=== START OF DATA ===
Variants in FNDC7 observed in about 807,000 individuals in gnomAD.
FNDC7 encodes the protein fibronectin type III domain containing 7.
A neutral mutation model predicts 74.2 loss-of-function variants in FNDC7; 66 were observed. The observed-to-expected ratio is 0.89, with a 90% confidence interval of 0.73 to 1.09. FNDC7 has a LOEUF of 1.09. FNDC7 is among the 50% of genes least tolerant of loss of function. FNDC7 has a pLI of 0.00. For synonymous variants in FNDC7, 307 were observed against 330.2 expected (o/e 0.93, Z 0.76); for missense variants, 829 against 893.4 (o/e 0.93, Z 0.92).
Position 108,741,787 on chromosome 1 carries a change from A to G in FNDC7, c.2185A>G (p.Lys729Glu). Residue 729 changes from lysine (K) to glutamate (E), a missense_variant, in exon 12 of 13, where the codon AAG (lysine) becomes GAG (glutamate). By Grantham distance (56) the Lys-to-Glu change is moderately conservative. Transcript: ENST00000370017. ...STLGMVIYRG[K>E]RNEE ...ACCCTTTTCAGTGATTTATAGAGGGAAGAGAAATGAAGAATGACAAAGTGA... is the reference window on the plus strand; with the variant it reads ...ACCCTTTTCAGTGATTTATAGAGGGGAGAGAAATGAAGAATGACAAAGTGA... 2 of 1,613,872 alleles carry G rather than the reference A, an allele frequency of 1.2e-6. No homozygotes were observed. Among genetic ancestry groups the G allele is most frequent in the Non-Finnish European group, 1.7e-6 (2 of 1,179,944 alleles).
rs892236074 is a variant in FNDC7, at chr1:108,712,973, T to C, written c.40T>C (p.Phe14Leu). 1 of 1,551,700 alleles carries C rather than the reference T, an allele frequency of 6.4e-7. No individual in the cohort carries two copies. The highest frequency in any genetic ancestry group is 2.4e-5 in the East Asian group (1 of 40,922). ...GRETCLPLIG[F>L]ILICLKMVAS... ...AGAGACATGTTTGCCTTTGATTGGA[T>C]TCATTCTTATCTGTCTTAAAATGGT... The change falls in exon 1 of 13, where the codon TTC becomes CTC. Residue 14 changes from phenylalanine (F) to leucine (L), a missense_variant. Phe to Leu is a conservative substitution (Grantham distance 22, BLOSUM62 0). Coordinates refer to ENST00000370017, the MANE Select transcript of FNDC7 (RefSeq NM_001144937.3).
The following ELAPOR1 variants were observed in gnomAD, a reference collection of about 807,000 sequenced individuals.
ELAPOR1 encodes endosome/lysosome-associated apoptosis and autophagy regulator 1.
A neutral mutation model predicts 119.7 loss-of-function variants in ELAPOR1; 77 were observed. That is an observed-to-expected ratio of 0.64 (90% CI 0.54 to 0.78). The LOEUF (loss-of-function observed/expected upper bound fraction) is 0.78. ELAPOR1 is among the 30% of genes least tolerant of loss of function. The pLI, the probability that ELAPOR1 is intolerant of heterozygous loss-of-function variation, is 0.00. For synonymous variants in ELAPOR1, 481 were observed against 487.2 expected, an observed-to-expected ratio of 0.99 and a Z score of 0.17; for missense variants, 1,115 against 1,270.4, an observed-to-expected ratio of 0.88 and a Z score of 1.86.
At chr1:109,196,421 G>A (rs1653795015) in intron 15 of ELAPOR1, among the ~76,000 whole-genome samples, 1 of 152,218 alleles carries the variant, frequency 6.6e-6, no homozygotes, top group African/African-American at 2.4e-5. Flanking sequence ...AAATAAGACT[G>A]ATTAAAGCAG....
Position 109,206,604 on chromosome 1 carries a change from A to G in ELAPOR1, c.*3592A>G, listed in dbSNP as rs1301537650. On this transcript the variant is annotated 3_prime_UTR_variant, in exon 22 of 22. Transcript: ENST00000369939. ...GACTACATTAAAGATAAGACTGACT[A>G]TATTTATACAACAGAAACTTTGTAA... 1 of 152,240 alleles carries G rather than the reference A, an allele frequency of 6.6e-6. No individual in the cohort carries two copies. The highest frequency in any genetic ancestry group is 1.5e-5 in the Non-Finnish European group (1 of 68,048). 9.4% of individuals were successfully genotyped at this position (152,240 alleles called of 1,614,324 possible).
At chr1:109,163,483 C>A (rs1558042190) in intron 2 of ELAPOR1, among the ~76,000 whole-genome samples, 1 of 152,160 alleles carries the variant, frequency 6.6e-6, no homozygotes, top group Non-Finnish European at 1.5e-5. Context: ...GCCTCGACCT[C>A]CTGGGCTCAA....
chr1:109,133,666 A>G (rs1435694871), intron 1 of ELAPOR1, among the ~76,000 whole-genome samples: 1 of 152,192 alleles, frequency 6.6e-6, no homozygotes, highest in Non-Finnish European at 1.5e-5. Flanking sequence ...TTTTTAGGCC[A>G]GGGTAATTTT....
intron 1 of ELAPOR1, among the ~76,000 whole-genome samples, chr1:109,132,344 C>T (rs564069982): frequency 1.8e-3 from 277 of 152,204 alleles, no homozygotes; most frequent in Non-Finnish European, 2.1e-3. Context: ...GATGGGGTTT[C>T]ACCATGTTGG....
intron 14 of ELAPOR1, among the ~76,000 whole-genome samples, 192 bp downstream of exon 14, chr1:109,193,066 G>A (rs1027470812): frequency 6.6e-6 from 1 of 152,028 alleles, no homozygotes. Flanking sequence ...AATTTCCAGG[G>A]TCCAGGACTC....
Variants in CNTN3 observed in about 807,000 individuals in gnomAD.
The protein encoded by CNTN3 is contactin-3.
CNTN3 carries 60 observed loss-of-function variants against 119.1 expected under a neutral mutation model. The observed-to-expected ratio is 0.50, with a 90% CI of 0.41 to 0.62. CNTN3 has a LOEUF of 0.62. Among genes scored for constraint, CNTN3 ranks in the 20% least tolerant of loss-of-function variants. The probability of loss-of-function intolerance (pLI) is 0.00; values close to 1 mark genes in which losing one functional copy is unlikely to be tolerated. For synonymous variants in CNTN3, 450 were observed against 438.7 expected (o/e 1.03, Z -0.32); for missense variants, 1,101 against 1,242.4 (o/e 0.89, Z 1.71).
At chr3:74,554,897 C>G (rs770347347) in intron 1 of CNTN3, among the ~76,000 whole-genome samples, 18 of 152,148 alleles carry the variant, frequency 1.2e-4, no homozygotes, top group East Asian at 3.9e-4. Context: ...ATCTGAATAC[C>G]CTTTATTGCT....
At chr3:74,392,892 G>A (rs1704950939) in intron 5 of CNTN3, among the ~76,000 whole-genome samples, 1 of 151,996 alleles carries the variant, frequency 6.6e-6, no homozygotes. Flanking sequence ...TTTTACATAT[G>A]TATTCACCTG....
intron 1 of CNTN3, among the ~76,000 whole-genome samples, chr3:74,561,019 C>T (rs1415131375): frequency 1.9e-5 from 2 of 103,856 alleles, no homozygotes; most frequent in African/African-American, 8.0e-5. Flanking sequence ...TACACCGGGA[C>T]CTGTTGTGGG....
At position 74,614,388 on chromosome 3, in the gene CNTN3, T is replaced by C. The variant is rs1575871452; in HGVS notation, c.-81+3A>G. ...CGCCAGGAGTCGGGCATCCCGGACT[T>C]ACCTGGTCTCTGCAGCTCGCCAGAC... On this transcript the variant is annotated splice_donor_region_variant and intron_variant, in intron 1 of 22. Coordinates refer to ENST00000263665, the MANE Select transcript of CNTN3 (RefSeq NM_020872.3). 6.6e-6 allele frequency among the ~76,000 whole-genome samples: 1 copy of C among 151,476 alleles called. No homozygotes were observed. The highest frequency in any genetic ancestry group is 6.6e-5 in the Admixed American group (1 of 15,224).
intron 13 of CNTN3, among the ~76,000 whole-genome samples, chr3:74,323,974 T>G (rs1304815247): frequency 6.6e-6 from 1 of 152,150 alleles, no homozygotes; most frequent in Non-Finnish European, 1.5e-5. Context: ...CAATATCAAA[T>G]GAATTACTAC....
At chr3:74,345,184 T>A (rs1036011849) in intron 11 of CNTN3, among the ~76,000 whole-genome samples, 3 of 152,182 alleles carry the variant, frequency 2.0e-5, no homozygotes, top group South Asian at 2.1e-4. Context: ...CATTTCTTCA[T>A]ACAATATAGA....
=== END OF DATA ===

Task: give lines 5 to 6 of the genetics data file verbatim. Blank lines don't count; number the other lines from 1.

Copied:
rs892236074 is a variant in FNDC7, at chr1:108,712,973, T to C, written c.40T>C (p.Phe14Leu). 1 of 1,551,700 alleles carries C rather than the reference T, an allele frequency of 6.4e-7. No individual in the cohort carries two copies. The highest frequency in any genetic ancestry group is 2.4e-5 in the East Asian group (1 of 40,922). ...GRETCLPLIG[F>L]ILICLKMVAS... ...AGAGACATGTTTGCCTTTGATTGGA[T>C]TCATTCTTATCTGTCTTAAAATGGT... The change falls in exon 1 of 13, where the codon TTC becomes CTC. Residue 14 changes from phenylalanine (F) to leucine (L), a missense_variant. Phe to Leu is a conservative substitution (Grantham distance 22, BLOSUM62 0). Coordinates refer to ENST00000370017, the MANE Select transcript of FNDC7 (RefSeq NM_001144937.3).
The following ELAPOR1 variants were observed in gnomAD, a reference collection of about 807,000 sequenced individuals.